Financial fraud: In the Matter of Bayerische Motoren Werke Aktiengesellschaft, Adm. Proc. File No. 3-20060 (Sept. 24, 2020) is a proceeding which names as respondents BMW of North America, LLC and BMW U.S. Capital, LLC. From 2016 through 2019 the firm took steps to inflate its sales in the U.S. to maintain its status. Specifically, the firm pushed vehicles to investors as demonstrators, used cookie-jar reserves to inflate revenue and extended the sales month to recognize transactions. The Order alleges violations of Securities Act Sections 17(a)(2) and (3). To resolve the proceedings Respondent cooperated with the staff, consented to the entry of a cease and desist order and agreed to pay a penalty of $18 million that will be put into a fair fund.

Financial fraud: SEC v. Revolution Lighting Technologies, Civil Action No. 3:20-cv-01440 (D. Conn. Filed Sept. 24, 2020) is an action which names as defendants the firm, CEO Robert LaPenta, CFO James DePalma, and two division level CFOs, Daniel O’Neal and Allen Gardner. Over a period of almost four years, beginning toward the end of 2014, Defendants engaged in a “bill and hold” scheme. Under this scheme, which was concealed, the firm and the named executives, fraudulently inflated company revenue by recognizing as income revenue for transactions that were incomplete – the revenue was recognized before it was earned under GAAP. The complaint alleges violations of each subsection of Securities Act Section 17(a), and Exchange Act Sections 10(b), 13(a), 13(b)(2)(A), 13(b)(2)(B) and 13(b)(5). To resolve the case each Defendant consented to the entry of a permanent injunction based on the sections cited in the complaint. In addition, the firm will pay a penalty of $1.25 million and Messrs. LaPenta, DePalma, Garner and O’Neal will pay, respectively, $192,769, $100,000, $25,000 and $25,000. See Lit. Rel. No. 4170 (Sept. 24, 2020).

Offering fraud: SEC v. Rudnick, Civil Action No. 20-CV-00532 (W.D.N.C. Filed Sept. 24, 2020) is an action which names as defendants: James M. Rudnick, a real estate developer; Mary A II, LLC, a purported land mitigation bank controlled by Mr. Rudnick; Southeast Lot Acquisitions, LLC, an acquirer of distressed real estate controlled by Mr. Rudnick; Dana J. Bradley, an assistant to Mr. Rudnick; and Marlin S. Hershey, also an assistant. Over a five-year period, beginning in 2013, Mr. Rudnick raised about $16.7 for Mary A and Southeast Lot. He was assisted by two individuals. Although the offering documents represented that no commissions were charged, Mr. Rudnick paid 10% commissions. The complaint alleges violations of Securities Act Sections 17(a)(2) and (3). Mr. Rudnick has been named as a defendant in another Commission enforcement action centered on an offering fraud. This case is pending. See Lit. Rel. No. 24914 (Sept. 24, 2020).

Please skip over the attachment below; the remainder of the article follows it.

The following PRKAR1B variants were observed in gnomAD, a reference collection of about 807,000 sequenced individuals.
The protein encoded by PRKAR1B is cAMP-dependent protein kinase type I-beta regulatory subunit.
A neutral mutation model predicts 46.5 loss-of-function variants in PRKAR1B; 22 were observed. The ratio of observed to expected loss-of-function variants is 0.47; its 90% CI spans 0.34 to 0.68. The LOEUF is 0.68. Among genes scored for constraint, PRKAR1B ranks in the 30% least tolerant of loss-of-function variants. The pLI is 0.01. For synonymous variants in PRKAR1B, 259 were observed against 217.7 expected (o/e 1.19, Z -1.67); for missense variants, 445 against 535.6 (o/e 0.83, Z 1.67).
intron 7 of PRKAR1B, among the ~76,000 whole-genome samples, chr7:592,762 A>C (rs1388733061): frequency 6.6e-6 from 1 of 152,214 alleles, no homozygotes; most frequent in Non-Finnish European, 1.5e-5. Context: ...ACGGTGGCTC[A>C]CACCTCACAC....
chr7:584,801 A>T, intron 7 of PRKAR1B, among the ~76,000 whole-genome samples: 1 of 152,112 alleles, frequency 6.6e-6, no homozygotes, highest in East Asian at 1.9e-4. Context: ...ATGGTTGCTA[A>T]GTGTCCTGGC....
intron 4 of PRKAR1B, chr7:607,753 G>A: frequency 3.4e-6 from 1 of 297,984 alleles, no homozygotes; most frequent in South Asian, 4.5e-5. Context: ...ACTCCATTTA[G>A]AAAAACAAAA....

Offering fraud: SEC v. Zabala, Civil Action No. 1:20-cv-07880 (S.D.N.Y. Filed Sept. 24, 2020) is an action which names a defendant Craig A. Zabala who controlled Concorde Group Holdings, Inc. Over a five-year period, beginning in February 2015, Defendant raised at least $4.38 million from 17 investors scattered across the U.S. Those investors were told that the firm would be developed into a merchant bank and had nearly completed a $25 million offering. In fact, the representations were false. Defendant misappropriated a substantial portion of the investor cash and used portions to make Ponzi type payments. The complaint alleges violations of Securities Act Section 17(a) and Exchange Act Section 10(b). The case is pending. See Lit. Rel. No. 24913 (Sept. 24, 2020).

Offering fraud: In the Matter of Platinum Wealth Partners, Inc., Adm. Proc. File No. 3-20067 (Sept. 24, 2020) is an action which names as respondents the former registered investment adviser and it principal, David Potter. Following a period of growth, in 2016 the firm suffered economic reversals and defaulted on a credit line. In soliciting investors to either purchase or roll over notes of the firm, Respondents gave them the impression that the adviser was profitable. In fact, it was not. The Order alleges violations of Securities Act Sections 17(a)(2) and (3). To resolve the proceedings Respondents consented to the entry of a cease and desist order based on the sections cited in the Order. Mr. Potter was also suspended from the securities business for a period of 12 months and prohibited from serving or acting as an employee or officer or director of an investment company for the same period. In addition, Respondents agreed to pay, on a joint and several basis, disgorgement of $1,204,000, prejudgment interest of $66,847.20 and a penalty of $50,000. The payments will be transferred to a fair fund.